Precisely. The pictures which are on the above links from OP, was not blurred. They either out of focus (but I doubt it), or more likely taken without Image stabilasation setting, or by somebody who has a Parkinson. (or they were phtoshoped that way in the first place to show the difference)

As far as to unblur the blurred pictures, its almost impossible. Even to more or less unsckwirl swirled photos (as in the well known pedophile case) requires vast amount of skills and not as easy as straight forward as described here. Still: nobody using it now, anyway.

Edited by Xenia

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Don't be sensationalist. It's designed to correct camera shake and whilst it can replace some information not in the original image it's far fetched to suggest that it could unblur a deliberately blurred face. :unsure:

Precisely. The pictures which are on the above links from OP, was not blurred. They either out of focus (but I doubt it), or more likely taken without Image stabilasation setting, or by somebody who has a Parkinson. (or they were phtoshoped that way in the first place to show the difference)

As far as to unblur the blurred pictures, its almost impossible.

While it sounds unlikely, linked from my earlier link, this is interesting:

Kevin Lynch

Some people on there seem to be suggesting the original photo wasn't blurry at all, and was deliberately blurred that way in photoshop. Presumably Adobe would get caught out quite quickly tho if this was the case with all their other examples.

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If you are really worried...

1. Take the picture.

2. Edit the picture to your satisfaction.

3. With it fully on-screen to the size you require, or larger.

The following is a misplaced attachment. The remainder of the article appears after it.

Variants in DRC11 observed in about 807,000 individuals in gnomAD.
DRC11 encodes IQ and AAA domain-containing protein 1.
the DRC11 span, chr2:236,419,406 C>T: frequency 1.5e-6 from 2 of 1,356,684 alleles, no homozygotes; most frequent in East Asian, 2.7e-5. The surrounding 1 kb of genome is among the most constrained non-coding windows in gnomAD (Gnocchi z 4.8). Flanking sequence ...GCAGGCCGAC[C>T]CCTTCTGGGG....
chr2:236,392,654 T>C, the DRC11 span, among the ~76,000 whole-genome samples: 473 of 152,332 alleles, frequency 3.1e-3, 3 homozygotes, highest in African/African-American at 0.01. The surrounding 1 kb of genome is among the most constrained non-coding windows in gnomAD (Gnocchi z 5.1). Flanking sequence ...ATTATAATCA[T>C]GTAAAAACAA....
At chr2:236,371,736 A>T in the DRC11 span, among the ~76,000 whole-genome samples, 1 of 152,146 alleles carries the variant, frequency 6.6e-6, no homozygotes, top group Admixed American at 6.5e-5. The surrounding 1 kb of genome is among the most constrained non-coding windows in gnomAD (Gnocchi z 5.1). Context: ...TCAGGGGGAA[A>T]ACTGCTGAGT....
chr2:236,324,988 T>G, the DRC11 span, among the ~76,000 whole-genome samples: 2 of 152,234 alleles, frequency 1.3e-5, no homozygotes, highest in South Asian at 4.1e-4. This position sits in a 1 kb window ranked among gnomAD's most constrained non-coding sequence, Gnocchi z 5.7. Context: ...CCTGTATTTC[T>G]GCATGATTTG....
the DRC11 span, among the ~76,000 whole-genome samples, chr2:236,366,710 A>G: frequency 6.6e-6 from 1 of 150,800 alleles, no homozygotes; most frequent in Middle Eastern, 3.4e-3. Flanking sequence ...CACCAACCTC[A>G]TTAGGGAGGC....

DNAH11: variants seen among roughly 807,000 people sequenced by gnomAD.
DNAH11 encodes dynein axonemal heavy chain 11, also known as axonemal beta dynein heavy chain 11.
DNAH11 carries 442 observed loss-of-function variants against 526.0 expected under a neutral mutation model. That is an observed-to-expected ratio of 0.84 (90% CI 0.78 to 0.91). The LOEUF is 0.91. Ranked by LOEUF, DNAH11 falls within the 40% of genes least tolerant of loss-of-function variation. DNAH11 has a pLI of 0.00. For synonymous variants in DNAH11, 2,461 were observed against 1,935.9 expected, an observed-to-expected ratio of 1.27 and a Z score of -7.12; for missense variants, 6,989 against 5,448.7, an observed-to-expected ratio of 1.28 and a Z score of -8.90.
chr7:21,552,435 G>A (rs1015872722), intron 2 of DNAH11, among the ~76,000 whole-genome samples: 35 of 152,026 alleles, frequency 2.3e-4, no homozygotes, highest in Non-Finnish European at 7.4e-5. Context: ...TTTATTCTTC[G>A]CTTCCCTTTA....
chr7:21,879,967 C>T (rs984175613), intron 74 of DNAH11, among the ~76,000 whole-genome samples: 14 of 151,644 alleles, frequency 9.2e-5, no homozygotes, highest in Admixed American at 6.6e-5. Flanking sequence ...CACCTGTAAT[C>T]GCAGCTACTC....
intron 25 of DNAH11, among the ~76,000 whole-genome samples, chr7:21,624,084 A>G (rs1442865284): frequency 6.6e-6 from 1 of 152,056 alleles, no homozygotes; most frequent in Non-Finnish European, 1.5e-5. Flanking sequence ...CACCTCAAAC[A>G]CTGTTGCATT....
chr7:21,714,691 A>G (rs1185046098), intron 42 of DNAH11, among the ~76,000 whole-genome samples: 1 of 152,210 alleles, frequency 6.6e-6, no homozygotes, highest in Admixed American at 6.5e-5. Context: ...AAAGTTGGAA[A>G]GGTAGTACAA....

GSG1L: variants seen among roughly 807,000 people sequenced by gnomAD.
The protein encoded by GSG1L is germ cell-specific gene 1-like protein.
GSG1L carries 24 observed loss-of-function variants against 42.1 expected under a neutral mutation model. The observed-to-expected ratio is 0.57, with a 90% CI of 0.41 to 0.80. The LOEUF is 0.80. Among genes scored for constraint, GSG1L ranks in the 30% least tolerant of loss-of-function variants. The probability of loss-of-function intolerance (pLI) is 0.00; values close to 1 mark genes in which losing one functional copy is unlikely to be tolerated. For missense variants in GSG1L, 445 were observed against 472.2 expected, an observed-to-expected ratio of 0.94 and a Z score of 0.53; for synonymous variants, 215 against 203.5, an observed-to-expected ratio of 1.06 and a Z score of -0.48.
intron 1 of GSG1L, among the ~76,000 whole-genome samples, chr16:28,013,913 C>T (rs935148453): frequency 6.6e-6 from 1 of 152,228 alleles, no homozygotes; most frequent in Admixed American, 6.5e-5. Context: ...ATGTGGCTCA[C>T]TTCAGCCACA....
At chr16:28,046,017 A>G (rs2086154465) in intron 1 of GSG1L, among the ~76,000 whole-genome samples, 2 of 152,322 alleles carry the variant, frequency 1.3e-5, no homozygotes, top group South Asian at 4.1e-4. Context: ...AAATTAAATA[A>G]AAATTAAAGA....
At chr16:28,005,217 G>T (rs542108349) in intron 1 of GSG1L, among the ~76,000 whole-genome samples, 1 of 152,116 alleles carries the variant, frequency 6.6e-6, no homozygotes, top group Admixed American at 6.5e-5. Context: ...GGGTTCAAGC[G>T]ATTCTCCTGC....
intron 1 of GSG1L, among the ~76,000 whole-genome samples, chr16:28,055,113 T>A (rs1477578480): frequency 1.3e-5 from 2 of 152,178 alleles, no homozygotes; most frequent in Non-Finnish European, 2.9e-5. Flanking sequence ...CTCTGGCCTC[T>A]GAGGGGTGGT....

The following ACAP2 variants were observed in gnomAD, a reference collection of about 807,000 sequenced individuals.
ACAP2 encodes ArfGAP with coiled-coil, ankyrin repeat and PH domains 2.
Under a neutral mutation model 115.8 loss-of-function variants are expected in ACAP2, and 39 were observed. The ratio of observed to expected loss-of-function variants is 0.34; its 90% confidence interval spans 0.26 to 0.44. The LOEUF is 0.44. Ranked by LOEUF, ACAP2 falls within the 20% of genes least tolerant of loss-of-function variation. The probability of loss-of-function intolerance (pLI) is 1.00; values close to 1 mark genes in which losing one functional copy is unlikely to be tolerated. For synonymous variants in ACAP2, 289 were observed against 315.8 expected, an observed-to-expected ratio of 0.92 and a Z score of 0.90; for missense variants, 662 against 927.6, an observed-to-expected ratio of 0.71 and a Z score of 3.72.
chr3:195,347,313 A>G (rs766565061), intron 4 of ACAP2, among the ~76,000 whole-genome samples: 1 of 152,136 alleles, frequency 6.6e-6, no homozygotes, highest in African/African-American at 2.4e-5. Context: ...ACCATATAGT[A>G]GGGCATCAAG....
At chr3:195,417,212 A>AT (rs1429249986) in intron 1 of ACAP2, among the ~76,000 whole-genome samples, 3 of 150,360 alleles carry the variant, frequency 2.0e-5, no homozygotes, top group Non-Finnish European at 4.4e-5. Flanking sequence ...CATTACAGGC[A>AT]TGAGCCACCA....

4. Press the PrtScr button on your keyboard.

5. Paste the clipboard grab into a new image in your photo editing programme.

6. Edit again as required.

7. Save or Export the new image.

8. All the old data should have been removed.

It is extra work and there will be a loss of quality, but if it gives you peace of mind?

I didn't say I was worried? Anyway, if others are, then they can do as you say.

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http://www.flickr.co...@N06/5117266025

Some people on there seem to be suggesting the original photo wasn't blurry at all, and was deliberately blurred that way in photoshop. Presumably Adobe would get caught out quite quickly tho if this was the case with all their other examples.

Adobe have issued a reply to this: http://blogs.adobe.c...sneak-peek.html (see "Update")

I figure if they can unblur a motion blurred image (which blurs by varying amounts), and this is "much more complicated than anything we can simulate using Photoshop’s blur capabilities", then I see no reason why it couldn't be used to unblur a photo deliberately made that way using the less-complicated Photoshop functionality.

No intention to be sensationalist - but while it sounds unlikely, I wouldn't write it off as impossible.

Edited by asianfever

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There's a bit of odd advice being bandied around here. As far as I know (and it's a fair bit where computers and image processing is concerned),

1. .JPG files do not contain any revision history, old versions or embedded thumbnails.

2. If you take a screenshot of an image it's just as likely to contain exactly the same content as the original

3. Any blurring tool in software uses a variant of geometric processing that given enough processing power and time can be undone to some degree.

There was the case of the paedo from a couple of years back where they caught the guy who had been using underage girls in Thailand. They took the unusual step of showing the image they had reconstructed from the blurred (swirled) original and while not perfect it would have been easily recognisable to acquaintances.

The only foolproof method is to use a solid block (circle, oval, star) right on the top of the face - but this looks bad. So best to use turnaway shots or props in my opinion.

Mark